Mining Law is concerned with legal issues relating to prospecting and exploration of minerals from ore, excavation, operation of mines, reclamation or restoration of mining lands etc.
Minerals are finite and non-renewable natural resources, which provide the vital raw material for industries and are a major source of development. Conservation measures under different Mineral Policies include provision for recycling of mineral scraps and wastes. Further, in many countries export of minerals only in high value added form in finished products is alone permitted.
The mining law opens up public lands, not set aside for any specific uses, for mineral exploration and exploitation. As per the Mineral Policy of the concerned jurisdiction, the terms and conditions of the mining leases and permits are set. Now a day Mineral Plan also provides for off shore exploration and exploitation of minerals in the seabed within the exclusive economic zone of the country.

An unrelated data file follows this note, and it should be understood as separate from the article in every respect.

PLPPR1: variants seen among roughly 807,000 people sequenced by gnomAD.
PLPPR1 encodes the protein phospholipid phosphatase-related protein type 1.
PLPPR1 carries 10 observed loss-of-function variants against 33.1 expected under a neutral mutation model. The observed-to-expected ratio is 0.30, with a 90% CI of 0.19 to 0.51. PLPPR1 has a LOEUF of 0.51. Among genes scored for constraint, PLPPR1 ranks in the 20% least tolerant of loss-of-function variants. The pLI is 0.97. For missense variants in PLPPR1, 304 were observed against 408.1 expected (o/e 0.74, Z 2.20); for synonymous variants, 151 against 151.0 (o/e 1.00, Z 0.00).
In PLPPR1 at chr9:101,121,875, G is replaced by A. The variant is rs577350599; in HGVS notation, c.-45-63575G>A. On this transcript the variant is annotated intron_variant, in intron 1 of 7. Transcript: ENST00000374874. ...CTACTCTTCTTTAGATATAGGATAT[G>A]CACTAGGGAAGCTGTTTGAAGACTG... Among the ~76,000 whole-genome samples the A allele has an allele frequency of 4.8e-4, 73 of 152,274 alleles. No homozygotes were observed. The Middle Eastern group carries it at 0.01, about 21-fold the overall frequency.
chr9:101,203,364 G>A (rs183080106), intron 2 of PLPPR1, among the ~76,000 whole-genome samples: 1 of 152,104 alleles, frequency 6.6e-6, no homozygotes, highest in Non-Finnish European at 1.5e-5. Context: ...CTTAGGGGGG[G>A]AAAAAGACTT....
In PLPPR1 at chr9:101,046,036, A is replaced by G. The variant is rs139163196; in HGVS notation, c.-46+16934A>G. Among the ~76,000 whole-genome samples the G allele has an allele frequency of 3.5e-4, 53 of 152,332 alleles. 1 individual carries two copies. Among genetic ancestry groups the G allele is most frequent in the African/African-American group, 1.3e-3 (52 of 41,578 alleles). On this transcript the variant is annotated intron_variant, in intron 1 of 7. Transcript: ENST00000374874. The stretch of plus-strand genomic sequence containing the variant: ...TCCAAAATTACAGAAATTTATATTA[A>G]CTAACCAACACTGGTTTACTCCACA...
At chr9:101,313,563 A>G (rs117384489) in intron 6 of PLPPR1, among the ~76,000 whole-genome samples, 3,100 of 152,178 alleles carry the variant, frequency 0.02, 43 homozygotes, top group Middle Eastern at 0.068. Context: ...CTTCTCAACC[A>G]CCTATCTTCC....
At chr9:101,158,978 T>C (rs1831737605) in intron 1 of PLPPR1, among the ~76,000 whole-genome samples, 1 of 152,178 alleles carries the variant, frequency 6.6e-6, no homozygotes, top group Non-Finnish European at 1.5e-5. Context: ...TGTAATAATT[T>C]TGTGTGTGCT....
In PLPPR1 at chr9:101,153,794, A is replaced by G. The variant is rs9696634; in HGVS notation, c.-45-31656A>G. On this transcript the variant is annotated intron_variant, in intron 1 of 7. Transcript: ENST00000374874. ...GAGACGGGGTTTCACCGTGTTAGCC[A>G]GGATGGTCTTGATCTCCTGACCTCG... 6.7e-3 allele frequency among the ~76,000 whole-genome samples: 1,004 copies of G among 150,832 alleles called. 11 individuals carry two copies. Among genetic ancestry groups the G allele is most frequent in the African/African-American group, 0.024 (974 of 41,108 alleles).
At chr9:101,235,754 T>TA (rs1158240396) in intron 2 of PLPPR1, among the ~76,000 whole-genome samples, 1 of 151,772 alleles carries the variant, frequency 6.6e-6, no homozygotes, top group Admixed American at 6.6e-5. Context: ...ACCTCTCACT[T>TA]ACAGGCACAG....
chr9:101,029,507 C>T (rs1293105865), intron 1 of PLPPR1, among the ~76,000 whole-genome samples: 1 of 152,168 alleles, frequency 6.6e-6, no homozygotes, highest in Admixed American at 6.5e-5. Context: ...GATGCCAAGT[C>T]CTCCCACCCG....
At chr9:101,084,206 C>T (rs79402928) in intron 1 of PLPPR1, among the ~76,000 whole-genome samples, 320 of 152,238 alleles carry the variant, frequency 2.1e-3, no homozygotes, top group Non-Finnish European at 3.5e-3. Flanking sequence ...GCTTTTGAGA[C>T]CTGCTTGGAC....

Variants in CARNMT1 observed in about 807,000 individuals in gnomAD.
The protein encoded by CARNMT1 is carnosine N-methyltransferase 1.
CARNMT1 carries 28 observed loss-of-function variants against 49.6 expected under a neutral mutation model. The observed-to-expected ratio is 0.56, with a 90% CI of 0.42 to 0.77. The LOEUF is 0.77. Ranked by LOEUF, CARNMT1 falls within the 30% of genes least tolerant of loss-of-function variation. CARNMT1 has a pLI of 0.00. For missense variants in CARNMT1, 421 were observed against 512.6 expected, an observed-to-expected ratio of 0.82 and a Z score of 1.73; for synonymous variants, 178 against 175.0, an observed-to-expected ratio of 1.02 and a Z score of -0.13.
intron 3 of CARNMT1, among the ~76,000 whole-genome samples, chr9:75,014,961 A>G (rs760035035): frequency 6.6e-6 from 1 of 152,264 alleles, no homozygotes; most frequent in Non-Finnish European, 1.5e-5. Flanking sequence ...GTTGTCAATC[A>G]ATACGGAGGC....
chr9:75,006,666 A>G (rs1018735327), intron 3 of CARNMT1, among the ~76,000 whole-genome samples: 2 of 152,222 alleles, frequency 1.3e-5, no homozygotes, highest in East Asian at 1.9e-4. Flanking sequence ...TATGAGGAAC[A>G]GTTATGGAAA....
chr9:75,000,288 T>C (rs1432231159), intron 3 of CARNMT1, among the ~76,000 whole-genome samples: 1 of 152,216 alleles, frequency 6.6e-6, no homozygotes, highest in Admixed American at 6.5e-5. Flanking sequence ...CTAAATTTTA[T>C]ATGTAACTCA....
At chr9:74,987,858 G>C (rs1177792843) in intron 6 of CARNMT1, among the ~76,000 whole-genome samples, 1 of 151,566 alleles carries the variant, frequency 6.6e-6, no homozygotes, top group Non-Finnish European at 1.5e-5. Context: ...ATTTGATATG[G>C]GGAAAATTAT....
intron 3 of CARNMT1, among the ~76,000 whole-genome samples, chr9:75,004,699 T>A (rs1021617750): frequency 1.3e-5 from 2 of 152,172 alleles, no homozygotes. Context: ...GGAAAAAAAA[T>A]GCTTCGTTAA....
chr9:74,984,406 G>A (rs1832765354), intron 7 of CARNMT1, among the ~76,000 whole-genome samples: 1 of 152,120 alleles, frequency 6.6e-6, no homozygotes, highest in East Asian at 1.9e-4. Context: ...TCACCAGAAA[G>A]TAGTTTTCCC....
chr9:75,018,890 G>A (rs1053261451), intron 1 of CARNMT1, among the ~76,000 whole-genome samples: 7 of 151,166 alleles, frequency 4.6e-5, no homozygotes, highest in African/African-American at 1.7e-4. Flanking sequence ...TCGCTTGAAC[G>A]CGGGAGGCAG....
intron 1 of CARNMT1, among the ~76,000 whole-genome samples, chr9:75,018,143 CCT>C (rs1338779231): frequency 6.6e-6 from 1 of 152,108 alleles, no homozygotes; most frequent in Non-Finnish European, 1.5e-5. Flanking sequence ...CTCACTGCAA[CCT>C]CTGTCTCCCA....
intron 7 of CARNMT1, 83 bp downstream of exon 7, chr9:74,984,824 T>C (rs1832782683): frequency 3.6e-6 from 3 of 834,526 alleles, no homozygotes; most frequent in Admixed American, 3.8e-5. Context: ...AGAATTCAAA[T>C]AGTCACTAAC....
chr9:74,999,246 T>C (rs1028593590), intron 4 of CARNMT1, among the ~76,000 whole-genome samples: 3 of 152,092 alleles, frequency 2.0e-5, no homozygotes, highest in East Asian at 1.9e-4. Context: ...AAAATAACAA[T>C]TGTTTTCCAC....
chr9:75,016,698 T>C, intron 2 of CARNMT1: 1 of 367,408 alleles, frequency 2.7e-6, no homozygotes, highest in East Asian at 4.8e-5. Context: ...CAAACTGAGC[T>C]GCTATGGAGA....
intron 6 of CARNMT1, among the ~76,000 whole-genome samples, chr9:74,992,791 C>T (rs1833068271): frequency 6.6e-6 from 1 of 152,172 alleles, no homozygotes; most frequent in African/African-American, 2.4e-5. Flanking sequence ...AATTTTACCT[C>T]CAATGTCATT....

A mining claim is a right to explore for and extract mineral deposits from a piece of land.
Mining causes environmental degradation through soil erosion, release of poisonous gases, loss of biodiversity, formation of sink holes, contamination of water by toxic chemicals.
Since mining has adverse impact on the surrounding environment and public health, mining companies are obliged to follow environmental norms set for them in the concerned jurisdiction. In many countries with stringent rehabilitation codes in place, after mining the mining area has to be restored or returned close to its original environment as far as practicable. Protection of forest cover and ecology in mining areas is also amongst the aims of mining laws.
To ensure compliance mining companies are required to furnish guarantee deposit with appropriate authorities, which is liable to forfeiture in the event of default in reclamation of mining land. This is in addition to other punitive measures including levy of damages against the defaulter.
In the mining industry stringent safety and health regulations are in place. For example, in the US under the Federal Mines Safety and Health Act there must at least 40 hours of basic safety training for each fresh underground miner or 24 hours of such orientation course for new surface miners.